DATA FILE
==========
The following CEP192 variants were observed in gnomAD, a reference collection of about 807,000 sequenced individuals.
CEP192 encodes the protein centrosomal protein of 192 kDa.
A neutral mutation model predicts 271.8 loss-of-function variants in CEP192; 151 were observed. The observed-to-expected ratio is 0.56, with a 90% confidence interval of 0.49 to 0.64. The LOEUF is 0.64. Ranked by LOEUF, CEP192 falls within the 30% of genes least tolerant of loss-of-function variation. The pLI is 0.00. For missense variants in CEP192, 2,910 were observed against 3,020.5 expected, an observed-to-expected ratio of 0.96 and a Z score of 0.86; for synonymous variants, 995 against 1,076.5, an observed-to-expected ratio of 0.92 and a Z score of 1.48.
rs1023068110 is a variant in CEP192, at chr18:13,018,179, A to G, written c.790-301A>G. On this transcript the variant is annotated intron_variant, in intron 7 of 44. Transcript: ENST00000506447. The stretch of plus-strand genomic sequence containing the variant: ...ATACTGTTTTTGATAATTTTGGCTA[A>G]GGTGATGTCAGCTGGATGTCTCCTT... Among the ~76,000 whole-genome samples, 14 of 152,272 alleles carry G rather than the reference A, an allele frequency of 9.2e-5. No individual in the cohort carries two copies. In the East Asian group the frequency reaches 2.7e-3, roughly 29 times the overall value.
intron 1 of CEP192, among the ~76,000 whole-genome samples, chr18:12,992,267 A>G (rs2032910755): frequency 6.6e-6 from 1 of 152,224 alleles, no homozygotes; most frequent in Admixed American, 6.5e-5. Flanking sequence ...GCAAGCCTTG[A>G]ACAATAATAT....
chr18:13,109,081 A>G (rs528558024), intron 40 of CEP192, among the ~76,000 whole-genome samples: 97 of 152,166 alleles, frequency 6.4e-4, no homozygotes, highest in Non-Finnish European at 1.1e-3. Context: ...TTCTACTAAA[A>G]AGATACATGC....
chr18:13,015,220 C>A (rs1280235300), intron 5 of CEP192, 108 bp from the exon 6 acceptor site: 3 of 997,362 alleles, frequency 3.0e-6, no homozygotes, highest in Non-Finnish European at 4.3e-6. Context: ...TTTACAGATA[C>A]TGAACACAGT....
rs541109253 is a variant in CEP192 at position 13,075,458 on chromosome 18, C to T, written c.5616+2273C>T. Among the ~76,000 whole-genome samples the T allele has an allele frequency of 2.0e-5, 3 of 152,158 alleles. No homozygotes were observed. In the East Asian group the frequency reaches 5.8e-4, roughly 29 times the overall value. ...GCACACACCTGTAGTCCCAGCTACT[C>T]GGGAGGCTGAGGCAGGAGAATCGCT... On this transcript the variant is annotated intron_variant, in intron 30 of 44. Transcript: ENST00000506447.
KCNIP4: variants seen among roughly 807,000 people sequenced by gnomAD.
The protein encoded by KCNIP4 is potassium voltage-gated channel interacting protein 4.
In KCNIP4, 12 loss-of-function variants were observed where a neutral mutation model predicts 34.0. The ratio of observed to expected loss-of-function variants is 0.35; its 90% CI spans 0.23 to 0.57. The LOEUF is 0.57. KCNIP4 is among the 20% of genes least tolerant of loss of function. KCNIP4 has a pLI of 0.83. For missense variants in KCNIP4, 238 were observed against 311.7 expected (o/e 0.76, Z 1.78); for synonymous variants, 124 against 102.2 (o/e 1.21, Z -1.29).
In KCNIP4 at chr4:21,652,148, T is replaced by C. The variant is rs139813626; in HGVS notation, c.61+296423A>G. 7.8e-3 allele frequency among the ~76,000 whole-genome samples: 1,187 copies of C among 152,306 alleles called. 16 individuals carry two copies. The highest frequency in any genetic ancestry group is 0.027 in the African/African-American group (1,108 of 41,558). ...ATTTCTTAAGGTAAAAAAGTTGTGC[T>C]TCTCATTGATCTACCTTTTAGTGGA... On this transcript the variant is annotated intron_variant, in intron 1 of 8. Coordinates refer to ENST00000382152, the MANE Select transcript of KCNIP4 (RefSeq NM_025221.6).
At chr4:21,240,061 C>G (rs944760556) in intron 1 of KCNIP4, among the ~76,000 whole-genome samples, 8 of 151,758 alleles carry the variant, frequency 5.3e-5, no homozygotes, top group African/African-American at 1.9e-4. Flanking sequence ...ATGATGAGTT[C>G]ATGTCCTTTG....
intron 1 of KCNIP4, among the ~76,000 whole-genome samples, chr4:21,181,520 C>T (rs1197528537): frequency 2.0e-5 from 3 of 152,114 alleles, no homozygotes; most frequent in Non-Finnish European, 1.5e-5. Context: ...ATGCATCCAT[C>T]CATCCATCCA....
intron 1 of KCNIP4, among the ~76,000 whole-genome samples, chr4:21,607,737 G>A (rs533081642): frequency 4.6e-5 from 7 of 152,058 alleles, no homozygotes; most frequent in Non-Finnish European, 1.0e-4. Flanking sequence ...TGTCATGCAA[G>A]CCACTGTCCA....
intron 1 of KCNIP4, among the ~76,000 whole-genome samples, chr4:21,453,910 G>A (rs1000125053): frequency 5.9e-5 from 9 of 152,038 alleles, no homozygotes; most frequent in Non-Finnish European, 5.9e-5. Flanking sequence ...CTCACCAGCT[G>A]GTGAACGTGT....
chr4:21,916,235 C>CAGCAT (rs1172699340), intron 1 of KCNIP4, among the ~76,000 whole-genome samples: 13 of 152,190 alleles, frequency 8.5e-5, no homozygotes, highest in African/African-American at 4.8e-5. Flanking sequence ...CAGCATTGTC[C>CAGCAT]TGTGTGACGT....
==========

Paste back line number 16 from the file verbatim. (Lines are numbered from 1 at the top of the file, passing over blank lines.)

intron 1 of KCNIP4, among the ~76,000 whole-genome samples, chr4:21,453,910 G>A (rs1000125053): frequency 5.9e-5 from 9 of 152,038 alleles, no homozygotes; most frequent in Non-Finnish European, 5.9e-5. Flanking sequence ...CTCACCAGCT[G>A]GTGAACGTGT....